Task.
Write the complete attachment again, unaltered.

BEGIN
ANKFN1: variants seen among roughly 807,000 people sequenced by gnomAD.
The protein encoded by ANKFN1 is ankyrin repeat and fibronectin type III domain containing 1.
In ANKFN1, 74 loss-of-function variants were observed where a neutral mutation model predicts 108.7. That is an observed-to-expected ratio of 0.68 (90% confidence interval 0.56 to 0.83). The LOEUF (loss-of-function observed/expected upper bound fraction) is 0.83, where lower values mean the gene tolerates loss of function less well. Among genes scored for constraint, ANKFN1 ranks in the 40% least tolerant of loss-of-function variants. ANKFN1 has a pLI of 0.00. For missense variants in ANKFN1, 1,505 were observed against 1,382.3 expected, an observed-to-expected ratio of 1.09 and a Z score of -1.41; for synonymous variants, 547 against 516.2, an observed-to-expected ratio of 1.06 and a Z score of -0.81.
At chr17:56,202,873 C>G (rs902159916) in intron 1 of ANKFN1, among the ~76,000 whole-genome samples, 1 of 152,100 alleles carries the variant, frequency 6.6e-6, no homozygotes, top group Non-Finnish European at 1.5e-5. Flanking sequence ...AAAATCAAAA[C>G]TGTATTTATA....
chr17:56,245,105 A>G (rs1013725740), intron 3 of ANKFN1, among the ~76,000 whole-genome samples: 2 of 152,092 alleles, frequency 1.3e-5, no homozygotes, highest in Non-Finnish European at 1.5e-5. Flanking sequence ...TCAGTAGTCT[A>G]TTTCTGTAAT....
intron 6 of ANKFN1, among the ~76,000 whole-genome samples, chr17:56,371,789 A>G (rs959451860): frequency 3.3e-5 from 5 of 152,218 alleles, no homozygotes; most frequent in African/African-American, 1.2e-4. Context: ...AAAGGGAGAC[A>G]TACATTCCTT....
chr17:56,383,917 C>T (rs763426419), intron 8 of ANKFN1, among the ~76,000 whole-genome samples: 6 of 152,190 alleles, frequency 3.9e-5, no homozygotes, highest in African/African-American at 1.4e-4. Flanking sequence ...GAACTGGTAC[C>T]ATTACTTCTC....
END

ANKFN1: variants seen among roughly 807,000 people sequenced by gnomAD.
The protein encoded by ANKFN1 is ankyrin repeat and fibronectin type III domain containing 1.
In ANKFN1, 74 loss-of-function variants were observed where a neutral mutation model predicts 108.7. That is an observed-to-expected ratio of 0.68 (90% confidence interval 0.56 to 0.83). The LOEUF (loss-of-function observed/expected upper bound fraction) is 0.83, where lower values mean the gene tolerates loss of function less well. Among genes scored for constraint, ANKFN1 ranks in the 40% least tolerant of loss-of-function variants. ANKFN1 has a pLI of 0.00. For missense variants in ANKFN1, 1,505 were observed against 1,382.3 expected, an observed-to-expected ratio of 1.09 and a Z score of -1.41; for synonymous variants, 547 against 516.2, an observed-to-expected ratio of 1.06 and a Z score of -0.81.
At chr17:56,202,873 C>G (rs902159916) in intron 1 of ANKFN1, among the ~76,000 whole-genome samples, 1 of 152,100 alleles carries the variant, frequency 6.6e-6, no homozygotes, top group Non-Finnish European at 1.5e-5. Flanking sequence ...AAAATCAAAA[C>G]TGTATTTATA....
chr17:56,245,105 A>G (rs1013725740), intron 3 of ANKFN1, among the ~76,000 whole-genome samples: 2 of 152,092 alleles, frequency 1.3e-5, no homozygotes, highest in Non-Finnish European at 1.5e-5. Flanking sequence ...TCAGTAGTCT[A>G]TTTCTGTAAT....
intron 6 of ANKFN1, among the ~76,000 whole-genome samples, chr17:56,371,789 A>G (rs959451860): frequency 3.3e-5 from 5 of 152,218 alleles, no homozygotes; most frequent in African/African-American, 1.2e-4. Context: ...AAAGGGAGAC[A>G]TACATTCCTT....
chr17:56,383,917 C>T (rs763426419), intron 8 of ANKFN1, among the ~76,000 whole-genome samples: 6 of 152,190 alleles, frequency 3.9e-5, no homozygotes, highest in African/African-American at 1.4e-4. Flanking sequence ...GAACTGGTAC[C>T]ATTACTTCTC....